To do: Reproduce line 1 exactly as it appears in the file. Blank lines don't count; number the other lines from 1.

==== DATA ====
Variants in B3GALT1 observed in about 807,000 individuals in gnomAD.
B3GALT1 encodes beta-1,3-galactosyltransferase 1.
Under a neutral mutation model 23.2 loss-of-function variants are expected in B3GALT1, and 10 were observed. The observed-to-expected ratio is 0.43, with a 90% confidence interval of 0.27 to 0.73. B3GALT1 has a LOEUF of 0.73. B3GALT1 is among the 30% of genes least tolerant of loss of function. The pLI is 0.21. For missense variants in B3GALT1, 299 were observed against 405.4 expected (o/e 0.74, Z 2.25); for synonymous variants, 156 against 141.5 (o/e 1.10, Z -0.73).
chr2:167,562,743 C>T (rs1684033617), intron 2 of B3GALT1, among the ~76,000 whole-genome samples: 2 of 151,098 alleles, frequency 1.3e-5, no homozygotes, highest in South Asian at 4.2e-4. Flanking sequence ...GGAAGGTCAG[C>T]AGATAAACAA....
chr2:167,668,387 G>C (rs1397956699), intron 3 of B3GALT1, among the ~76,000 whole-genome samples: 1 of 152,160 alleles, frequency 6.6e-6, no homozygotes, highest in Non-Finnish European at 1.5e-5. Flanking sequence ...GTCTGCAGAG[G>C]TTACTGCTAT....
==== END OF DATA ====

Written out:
Variants in B3GALT1 observed in about 807,000 individuals in gnomAD.